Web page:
Professional services firms are not immune to the allegations of sexual misconduct that have featured so heavily in the headlines over recent months. In fact, the high pressure, the long-hours culture, the hierarchical structures, often laissez-faire senior management style and the frequent drinking at work events have the potential to make law firms hotbeds for such allegations. A recent survey by The Lawyer found 42 per cent of women working in law firms had experienced sexual harassment; a previous one by Legal Week put the figure at two thirds.So, is it time for our profession to take stock and consider whether it is doing enough to prevent sexual harassment? The Law Society is reportedly working on guidelines for law firms on how to deal with these issues in the workplace.
In giving evidence to the Commons women and equalities select committee inquiry into workplace sexual harassment a few weeks ago, I made recommendations relevant to all workplaces. How many of these are very specifically applicable to our profession? Even in the absence of specific guidance or legislative intervention, there are steps that law firms could be taking now to reduce the risks — for their employees, for their partners and for themselves.
First, mandatory, proactive employer risk assessments across all sectors. This is something law firms could start carrying out now. Firms should identify low, medium and high risks of sexual harassment within their specific business and take steps to reduce these risks. These steps should include targeted policies and procedures, tailored to address any particular issues identified, as well as training for partners and staff to reflect those targeted policies.
Policies should also take into account the interests of those accused of harassment, so that unproved allegations are not allowed to cause unwarranted reputational damage.
A significant issue is that victims are reluctant to come forward. Appointing a member of senior management as a sexual harassment reporting officer, trained in these issues and with overall accountability to ensure they are effectively handled and reported to the compliance officer for legal practice, would go some way to addressing this. So would an information campaign letting staff know what harassment is, how to report it and encouraging reports from colleagues who are aware of harassment so that the onus is not solely on victims.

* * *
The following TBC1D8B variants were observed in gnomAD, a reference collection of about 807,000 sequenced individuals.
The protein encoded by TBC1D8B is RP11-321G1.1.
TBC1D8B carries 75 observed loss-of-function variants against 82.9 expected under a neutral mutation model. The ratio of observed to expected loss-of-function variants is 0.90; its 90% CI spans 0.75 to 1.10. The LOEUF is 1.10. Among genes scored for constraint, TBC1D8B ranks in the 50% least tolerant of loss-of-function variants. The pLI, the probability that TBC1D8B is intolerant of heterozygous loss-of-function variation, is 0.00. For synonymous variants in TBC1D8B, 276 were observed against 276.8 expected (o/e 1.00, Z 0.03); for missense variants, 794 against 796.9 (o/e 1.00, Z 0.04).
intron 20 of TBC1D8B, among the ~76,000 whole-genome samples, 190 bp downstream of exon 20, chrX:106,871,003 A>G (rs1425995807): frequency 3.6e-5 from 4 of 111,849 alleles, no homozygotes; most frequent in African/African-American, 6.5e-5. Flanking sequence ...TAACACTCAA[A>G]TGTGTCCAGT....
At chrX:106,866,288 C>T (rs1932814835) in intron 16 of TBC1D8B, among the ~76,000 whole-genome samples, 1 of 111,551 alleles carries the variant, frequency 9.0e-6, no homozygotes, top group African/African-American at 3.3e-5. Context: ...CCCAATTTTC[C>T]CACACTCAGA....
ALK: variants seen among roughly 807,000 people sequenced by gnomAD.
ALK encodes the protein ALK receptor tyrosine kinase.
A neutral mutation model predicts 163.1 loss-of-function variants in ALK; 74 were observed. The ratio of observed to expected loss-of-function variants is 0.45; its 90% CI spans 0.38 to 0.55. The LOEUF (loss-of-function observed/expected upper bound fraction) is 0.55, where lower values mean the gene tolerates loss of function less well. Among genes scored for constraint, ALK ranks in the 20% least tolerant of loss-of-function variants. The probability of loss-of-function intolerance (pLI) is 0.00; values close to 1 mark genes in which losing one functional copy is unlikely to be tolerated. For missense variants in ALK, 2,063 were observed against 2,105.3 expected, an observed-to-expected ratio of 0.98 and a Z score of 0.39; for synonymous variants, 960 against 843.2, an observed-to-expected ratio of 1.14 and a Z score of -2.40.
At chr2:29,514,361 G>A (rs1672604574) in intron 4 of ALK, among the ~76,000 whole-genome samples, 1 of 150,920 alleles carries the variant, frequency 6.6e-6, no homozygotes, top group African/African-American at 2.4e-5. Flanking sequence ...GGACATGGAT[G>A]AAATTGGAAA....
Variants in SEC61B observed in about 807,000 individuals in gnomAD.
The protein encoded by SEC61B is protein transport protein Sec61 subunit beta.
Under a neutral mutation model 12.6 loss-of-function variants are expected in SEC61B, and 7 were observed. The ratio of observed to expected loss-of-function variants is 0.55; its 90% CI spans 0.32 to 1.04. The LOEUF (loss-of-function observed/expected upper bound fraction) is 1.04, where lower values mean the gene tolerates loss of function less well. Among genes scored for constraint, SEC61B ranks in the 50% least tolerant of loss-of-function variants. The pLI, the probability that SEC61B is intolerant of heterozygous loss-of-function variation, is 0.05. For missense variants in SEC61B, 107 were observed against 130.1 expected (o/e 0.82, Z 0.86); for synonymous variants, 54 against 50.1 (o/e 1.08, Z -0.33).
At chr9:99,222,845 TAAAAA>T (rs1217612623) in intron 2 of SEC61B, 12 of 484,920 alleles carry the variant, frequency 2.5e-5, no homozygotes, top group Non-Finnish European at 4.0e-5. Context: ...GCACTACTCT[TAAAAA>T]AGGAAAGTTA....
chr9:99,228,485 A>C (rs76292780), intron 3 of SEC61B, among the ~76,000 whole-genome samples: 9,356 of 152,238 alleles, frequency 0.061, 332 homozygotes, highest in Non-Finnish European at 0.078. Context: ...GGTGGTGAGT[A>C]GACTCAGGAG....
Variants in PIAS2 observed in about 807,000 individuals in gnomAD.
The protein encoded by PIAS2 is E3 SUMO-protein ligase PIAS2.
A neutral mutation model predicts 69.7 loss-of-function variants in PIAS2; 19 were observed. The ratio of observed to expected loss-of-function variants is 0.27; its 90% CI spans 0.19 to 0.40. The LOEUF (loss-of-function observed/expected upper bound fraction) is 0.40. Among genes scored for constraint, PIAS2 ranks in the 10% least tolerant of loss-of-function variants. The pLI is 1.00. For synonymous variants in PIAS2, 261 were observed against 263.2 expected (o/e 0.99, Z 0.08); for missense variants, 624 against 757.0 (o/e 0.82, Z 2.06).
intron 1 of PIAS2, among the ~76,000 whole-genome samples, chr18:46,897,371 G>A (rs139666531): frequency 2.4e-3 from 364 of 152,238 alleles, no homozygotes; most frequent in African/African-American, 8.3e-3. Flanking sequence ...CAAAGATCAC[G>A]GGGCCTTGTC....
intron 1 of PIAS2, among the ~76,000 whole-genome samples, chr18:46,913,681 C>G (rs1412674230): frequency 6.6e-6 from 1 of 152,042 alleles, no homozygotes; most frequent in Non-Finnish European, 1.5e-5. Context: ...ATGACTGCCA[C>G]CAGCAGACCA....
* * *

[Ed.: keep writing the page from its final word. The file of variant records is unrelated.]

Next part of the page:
A stark contrast can be drawn between the huge resources that law firms are pouring into compliance with anti-money-laundering regulations and the GDPR, compared with the at times perfunctory effort by some firms to protect staff from sexual harassment.
Monitoring of the risk levels should include a review of all law firm recruitment policies. Specifically, firms could consider requiring all new recruits, including lateral partner hires, to confirm whether or not they have been the subject of formal or informal harassment complaints in previous roles and what the outcomes have been.
Finally, we should look to legislative change. Third-party harassment protections, removed in 2013, should be reinstated and extended. Regardless, firms should take proactive steps to prevent harassment of their staff by clients and referrers as soon as they become aware of an incident. Our sector is reliant on long-term clients, which may mean that inappropriate actions could be overlooked by some so as not to put fee income at risk.
Law firms have an opportunity and a responsibility to lead by example. They should ensure that all allegations are properly investigated. Firms should also reflect carefully on the extent to which any related settlement might include confidentiality undertakings, bearing in mind the legal limitations of such provisions and our ethical responsibilities as lawyers.
I don’t think the sexual harassment storm in the legal sector has really hit yet. Firms would be well advised to take action before it does.
By Clare Murray, first published in The Times